Communicating with customers is a basic survival skill for any business. Since you want to develop a thriving business, it requires more than having only basic survival skills. The management of the phones in your dental practice is the front line to winning the war that exists between you and your competition when attracting and retaining patients. 

dental office patient phone calls

How the team manages our patients in these conversations over the phone can be the difference between success and failure. How is your practice establishing the rate of success of this critical interaction?  Many times we hear from our clients, “we are good in that area,” and when asked “how do you know?” the doctors indicate that they really don’t know.

All businesses have a “point of entry” for a customer/client; whether it be a face-to-face interaction, an online interface, or a phone conversation, they must verify the success or failure of the interaction. With a phone call, this can be managed in various ways: recording (verify your state laws), call sharing or surveying of patients. Consider that this team member is the liaison between that person actually becoming and remaining a patient; this is a critical component and generally an area of the practice that is often overlooked when it comes to skills training and quality control measures. 

1. Prepare for the call

This seems quite basic, yet it is one of the things in which many practices fall short. First, have everything at your fingertips that you need to have a successful call: pen, phone slip, computer work station and outlined responsibilities by a team member.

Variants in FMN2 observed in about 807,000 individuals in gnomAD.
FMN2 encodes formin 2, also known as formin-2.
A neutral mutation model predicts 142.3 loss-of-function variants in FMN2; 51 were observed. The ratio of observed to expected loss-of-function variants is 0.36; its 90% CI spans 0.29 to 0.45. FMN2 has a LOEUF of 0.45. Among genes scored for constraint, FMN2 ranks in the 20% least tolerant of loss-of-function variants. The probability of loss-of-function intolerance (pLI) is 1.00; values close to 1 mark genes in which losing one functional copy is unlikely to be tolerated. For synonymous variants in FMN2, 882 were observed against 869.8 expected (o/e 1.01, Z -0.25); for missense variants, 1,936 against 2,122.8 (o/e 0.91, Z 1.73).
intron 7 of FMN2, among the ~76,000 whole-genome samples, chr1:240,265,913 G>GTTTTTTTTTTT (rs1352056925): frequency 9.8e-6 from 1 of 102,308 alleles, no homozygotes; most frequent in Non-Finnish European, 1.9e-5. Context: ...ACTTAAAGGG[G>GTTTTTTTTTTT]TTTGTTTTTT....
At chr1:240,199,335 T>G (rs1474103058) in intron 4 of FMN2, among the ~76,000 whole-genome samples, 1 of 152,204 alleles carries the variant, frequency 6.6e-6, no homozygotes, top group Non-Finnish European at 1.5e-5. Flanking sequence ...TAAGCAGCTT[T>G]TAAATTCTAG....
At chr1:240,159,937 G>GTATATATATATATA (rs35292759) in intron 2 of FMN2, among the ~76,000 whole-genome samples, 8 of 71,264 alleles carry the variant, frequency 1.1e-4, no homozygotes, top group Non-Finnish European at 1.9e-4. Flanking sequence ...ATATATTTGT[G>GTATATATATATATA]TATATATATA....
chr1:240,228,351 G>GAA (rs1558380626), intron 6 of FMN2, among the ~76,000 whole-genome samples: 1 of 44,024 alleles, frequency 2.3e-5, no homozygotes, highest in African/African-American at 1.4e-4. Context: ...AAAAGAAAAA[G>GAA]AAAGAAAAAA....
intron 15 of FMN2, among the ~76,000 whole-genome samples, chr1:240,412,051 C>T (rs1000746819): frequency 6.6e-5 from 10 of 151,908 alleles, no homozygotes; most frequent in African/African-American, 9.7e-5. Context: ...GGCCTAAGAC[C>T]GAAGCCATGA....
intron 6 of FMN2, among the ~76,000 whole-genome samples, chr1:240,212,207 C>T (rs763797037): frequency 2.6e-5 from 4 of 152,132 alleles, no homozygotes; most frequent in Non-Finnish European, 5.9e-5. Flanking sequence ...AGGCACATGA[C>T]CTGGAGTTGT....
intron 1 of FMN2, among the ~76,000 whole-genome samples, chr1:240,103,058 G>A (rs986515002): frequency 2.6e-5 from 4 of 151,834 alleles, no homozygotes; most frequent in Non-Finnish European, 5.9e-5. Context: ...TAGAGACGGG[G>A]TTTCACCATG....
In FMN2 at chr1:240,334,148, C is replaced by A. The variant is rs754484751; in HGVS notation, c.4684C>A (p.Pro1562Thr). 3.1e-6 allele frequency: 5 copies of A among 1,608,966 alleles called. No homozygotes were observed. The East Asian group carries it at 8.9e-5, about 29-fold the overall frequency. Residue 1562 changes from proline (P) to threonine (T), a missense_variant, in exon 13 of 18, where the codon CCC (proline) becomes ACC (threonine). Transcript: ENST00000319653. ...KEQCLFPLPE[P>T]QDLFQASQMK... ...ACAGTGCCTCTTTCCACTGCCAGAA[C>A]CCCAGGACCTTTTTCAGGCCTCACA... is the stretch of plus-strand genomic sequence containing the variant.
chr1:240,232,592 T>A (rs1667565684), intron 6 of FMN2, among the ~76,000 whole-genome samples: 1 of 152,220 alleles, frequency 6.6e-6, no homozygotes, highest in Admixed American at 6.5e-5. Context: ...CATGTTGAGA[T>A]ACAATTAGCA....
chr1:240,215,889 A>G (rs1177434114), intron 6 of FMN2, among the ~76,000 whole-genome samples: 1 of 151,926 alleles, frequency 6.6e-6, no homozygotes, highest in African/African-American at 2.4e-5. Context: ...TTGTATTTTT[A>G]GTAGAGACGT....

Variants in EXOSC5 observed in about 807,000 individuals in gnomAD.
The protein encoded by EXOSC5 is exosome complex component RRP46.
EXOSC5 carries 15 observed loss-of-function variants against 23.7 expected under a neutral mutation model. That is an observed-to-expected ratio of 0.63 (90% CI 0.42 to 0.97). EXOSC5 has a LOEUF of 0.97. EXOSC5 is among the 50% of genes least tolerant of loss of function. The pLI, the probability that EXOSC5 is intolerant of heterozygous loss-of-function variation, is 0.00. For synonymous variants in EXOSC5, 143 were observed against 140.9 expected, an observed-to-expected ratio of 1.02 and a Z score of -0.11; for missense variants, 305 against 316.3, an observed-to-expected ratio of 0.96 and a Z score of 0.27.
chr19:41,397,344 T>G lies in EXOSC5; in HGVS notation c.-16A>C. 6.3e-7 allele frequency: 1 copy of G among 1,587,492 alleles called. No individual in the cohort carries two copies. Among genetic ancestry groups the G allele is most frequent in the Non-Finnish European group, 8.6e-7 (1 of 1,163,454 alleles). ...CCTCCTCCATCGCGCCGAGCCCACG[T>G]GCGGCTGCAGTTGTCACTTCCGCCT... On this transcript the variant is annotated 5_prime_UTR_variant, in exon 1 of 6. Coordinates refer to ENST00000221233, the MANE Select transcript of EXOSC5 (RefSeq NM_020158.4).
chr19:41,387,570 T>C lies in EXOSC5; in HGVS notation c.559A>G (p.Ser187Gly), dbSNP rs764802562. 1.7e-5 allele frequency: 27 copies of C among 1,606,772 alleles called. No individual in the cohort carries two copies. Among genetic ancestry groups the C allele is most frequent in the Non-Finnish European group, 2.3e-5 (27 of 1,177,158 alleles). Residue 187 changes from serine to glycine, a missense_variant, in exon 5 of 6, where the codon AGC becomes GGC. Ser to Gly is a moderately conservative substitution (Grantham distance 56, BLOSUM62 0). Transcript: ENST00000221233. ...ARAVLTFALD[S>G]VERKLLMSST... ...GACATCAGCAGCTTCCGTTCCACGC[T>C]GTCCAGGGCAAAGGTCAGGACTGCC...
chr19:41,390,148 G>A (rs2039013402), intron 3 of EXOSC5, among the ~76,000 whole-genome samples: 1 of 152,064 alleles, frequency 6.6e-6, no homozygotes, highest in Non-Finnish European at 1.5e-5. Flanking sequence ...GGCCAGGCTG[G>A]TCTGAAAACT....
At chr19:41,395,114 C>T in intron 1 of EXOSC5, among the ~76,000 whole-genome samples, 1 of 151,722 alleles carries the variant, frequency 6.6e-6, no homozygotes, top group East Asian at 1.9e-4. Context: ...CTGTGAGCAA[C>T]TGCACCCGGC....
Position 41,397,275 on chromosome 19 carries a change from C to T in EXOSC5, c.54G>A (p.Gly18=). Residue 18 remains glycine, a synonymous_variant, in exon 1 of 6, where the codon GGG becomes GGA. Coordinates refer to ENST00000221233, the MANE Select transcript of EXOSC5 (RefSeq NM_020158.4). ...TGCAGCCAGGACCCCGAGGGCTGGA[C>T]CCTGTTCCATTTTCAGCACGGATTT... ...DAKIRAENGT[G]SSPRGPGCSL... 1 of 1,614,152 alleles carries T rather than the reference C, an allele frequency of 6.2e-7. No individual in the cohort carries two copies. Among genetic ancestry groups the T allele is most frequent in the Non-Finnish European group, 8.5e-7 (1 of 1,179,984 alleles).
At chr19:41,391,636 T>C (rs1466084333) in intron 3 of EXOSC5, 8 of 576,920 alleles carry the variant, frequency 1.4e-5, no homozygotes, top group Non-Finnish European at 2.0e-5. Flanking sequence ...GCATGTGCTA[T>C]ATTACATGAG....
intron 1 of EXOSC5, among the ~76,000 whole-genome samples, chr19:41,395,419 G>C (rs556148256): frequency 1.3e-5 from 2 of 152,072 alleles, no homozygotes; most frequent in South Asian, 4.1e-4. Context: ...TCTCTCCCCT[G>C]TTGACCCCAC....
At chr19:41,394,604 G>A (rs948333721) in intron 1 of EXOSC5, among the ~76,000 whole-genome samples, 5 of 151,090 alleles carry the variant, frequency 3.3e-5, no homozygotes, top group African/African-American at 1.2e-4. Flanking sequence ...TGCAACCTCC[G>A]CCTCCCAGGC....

Which team member is first in line to answer the phone and on how many rings? Establishing the protocol with how your practice will manage the phones is one of the most important standard operating practices that your team must agree to and monitor. Preparing for the call also encompasses the attitude and demeanor of the person that is answering the phone – a smile or frown is felt over the phone!

2. Get to know your audience

Team members must be energetic, happy, engaged, knowledgeable and timely. In getting to know your audience (patient), introduce yourself in a manner that stands out from the competition. Use language that makes the practice unique, represents the spirit of your practice and reflects the level of professionalism you want to project. 

Put the caller in a state of happiness immediately by speaking in an upbeat tone and a smile. It will take some work to try this type of greeting, so challenge your team to integrate for 60 days, while reporting the outcome at your next team meeting. The entire team will be surprised by the results.

“We are making people smile today at Dr. Smith’s office, this is Jane. Who do I have the pleasure of speaking with?”

Once you have the caller’s name, immediately ask them for a contact number in the event that the call gets interrupted for some reason!

Immediately begin using the caller’s name throughout the conversation. Establish the reason that they are calling and complete a patient phone slip when the details are required. Build relationship by listening intently and limiting outside distractions.  If you have a patient in front of you who requires your attention, you will want to ask the patients’ permission to place them on a brief hold or call them back.

“Mary thank you for calling, I need to finish up with a patient quickly. May I place you on a brief hold? I will be back within ...”  (be very accurate with your timeline when promising a brief hold)